S.B. reaffirms opposition to Route 92

Despite being defunded, project may not be dead yet
Staff Writer
North-South Brunswick Sentinel, Nov. 16, 2006

Despite having lost millions of dollars in funding, the Route 92 project is still being pushed by the U.S. Army Corps of Engineers, which released what it calls a final environmental impact study.

Public comment on the report, which weighs in at more than 2,000 pages, was expected to be concluded today. According to Ann Zeman, a South Brunswick resident who has been reading the new study, the corps will be interpreting silence on the matter as acceptance of the report's findings.

"It's very disturbing," said Zeman.

In response, Franklin Township has already passed a resolution voicing opposition to the project. South Brunswick's Township Council passed a similar resolution during a meeting Monday.

"We're not going to give up the fight now," said Deputy Mayor Carol Barrett.

In order to fight the project, the council hired attorney Michael Gerrard, a specialist in such matters. In May 2004, the township set aside $60,000 to fight the construction of Route 92, which included paying Gerrard $625 an hour. According to Gambatese, there is about $8,300 of the original battle fund left, of which Gerrard has asked for around $7,500. He has been paid to read the study and write a rebuttal before the deadline passes.

"We're hiring Mr. Gerrard for just this reason, and the money is there," said Gambatese.

Zeman and the governments of South Brunswick and many other surrounding municipalities have all vociferously opposed the construction of the controversial Route 92.

The Route 92 project would have built a 6.7-mile toll road from Exit 8A of the New Jersey Turnpike to Route 1 near Kingston. The project would have cost around $400 million and was opposed by certain groups that contended that it would fill 12 to 14 acres of wetlands. There were also concerns that Route 92 would increase sprawl, development and contribute to pollution.

Some towns, especially Princeton, have been vocal supporters of the road, much to the annoyance of Gambatese.

In November 2005, the project received a crippling blow when $175 million was taken out of its funding and devoted, instead, toward the widening of the turnpike, which many at the time interpreted as the project's death knell.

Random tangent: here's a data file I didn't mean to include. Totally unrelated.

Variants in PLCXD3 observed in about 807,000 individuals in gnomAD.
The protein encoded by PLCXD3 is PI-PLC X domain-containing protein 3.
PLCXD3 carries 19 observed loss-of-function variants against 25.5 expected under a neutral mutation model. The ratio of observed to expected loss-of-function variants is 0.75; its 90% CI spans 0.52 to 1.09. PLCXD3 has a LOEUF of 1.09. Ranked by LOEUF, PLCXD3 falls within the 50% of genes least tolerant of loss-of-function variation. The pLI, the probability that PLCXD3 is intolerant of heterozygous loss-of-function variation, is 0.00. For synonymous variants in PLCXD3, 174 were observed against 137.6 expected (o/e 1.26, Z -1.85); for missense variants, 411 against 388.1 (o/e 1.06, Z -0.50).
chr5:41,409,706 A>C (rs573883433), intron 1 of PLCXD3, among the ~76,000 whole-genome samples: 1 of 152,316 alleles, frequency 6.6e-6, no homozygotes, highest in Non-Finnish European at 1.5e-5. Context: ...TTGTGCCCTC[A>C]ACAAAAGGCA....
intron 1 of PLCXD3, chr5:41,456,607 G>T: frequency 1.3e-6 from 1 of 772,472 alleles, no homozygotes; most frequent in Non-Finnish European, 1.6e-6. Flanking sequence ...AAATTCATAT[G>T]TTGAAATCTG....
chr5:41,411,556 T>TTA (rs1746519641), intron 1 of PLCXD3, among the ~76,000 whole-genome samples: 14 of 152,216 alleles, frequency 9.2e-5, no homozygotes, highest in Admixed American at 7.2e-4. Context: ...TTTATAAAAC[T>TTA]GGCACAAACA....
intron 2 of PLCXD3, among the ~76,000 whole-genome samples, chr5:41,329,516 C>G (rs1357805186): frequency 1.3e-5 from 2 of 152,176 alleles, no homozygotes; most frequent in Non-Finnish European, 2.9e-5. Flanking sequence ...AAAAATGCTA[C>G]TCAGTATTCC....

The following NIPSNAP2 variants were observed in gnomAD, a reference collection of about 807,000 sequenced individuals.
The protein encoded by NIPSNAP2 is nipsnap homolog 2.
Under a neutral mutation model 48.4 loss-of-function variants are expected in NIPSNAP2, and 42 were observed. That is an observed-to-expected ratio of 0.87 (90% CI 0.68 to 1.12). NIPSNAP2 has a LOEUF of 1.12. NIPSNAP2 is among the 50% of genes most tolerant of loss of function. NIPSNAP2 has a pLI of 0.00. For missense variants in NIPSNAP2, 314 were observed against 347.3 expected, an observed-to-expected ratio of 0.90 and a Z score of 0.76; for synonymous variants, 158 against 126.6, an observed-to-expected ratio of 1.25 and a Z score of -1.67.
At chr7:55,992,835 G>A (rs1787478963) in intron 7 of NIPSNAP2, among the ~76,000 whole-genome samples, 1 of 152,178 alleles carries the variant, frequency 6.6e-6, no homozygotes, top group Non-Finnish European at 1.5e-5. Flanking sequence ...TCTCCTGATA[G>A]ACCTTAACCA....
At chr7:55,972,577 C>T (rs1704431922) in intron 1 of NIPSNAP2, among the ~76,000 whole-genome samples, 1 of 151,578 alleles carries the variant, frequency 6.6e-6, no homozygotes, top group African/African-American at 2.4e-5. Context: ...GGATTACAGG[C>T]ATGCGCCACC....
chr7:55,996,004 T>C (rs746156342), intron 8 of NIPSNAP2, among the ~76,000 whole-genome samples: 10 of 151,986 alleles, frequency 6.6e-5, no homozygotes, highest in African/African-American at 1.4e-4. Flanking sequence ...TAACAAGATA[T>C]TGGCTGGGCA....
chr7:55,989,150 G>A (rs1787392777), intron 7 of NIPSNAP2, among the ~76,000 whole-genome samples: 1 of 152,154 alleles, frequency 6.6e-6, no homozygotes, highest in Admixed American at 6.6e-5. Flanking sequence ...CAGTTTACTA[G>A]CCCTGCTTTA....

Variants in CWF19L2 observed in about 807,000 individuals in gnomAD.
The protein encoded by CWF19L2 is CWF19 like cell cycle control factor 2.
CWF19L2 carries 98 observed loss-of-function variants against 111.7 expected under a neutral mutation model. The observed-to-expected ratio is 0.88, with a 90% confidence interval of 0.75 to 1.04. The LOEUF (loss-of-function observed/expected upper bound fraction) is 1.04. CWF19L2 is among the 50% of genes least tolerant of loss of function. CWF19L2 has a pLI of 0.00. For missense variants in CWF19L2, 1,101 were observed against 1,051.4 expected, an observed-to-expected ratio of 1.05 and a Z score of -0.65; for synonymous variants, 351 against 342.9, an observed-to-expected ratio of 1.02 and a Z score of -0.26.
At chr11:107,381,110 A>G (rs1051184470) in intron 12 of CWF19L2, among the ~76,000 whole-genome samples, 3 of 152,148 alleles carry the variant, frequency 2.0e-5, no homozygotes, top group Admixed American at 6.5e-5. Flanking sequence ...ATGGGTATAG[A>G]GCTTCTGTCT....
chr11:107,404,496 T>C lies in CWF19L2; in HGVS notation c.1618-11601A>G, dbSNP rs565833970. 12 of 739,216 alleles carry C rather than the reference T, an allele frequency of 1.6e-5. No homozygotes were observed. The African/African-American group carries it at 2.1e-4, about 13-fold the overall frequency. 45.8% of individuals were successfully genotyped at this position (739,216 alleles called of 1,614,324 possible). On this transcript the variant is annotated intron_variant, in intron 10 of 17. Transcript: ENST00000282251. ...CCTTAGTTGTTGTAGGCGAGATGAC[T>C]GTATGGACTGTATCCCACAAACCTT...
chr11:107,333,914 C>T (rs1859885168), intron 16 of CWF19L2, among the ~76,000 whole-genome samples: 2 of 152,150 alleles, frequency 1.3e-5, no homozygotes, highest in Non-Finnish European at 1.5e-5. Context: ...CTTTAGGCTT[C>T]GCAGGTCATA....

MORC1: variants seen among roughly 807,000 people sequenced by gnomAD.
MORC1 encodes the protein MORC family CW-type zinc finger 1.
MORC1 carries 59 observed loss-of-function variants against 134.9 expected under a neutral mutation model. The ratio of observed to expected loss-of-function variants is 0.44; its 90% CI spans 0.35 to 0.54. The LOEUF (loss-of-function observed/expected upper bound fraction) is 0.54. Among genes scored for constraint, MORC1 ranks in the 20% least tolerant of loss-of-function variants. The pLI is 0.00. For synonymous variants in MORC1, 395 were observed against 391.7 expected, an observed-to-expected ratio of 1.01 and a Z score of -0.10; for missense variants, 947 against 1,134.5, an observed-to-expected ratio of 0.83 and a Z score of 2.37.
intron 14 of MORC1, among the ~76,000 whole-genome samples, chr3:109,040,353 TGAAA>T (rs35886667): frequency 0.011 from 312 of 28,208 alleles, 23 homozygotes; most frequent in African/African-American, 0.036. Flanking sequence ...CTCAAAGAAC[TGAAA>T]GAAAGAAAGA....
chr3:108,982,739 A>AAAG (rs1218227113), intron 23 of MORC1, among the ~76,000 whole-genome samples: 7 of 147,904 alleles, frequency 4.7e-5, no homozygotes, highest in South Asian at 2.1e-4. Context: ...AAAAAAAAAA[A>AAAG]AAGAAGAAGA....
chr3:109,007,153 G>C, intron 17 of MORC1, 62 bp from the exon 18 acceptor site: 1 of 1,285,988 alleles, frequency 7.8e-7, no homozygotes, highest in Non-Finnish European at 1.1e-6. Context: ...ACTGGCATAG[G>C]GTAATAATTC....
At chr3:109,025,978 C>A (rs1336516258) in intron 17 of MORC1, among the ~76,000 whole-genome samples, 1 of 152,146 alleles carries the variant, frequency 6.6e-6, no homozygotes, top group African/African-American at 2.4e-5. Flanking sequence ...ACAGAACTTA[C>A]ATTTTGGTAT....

According to Steve Masticola, a member of the No 92 Coalition, a citizens group that heavily opposed Route 92, the project should not be considered harmless until it is completely and utterly buried.

"Even with 92 defunded, the Turnpike Authority could 'discover' some pot of money to fund it in the future unless it's killed outright," said Masticola.

South Brunswick has long promoted the construction of Route 522-1A as an alternative to Route 92. The road, the funds for which were bonded in December 2005, will run from the intersection of routes 522 and 130, through a section of warehouses, and re-connect with Ridge Road just west of the turnpike. It will cost around $8 million.

Gambatese said that if people are really worried about how to improve the flow of traffic in the area, Route 1 should be widened. Councilman Joseph Camarota said that the Army Corps of Engineers was being disingenuous by calling the latest study a final one, since there are already plans to present a new one, taking public comments into account, sometime in December.

"Even though they say it's final, it's not, and that's why we need to get [our rebuttal] out there," said Camarota.

Gambatese noted that the issue of Route 92 keeps popping up, especially during transportation forums that he and Township Manager Matthew Watkins attend every so often. He said he is getting frustrated.

"All I hear is [Plainsboro] Mayor [Peter] Cantu and ex-Mayor [Marvin] Reed of Princeton constantly bringing up 92, constantly, and nothing ever stops. Every single quarter, the same rhetoric is put forward and nothing ever gets done, and I told them, point blank, South Brunswick is tired of it," said Gambatese.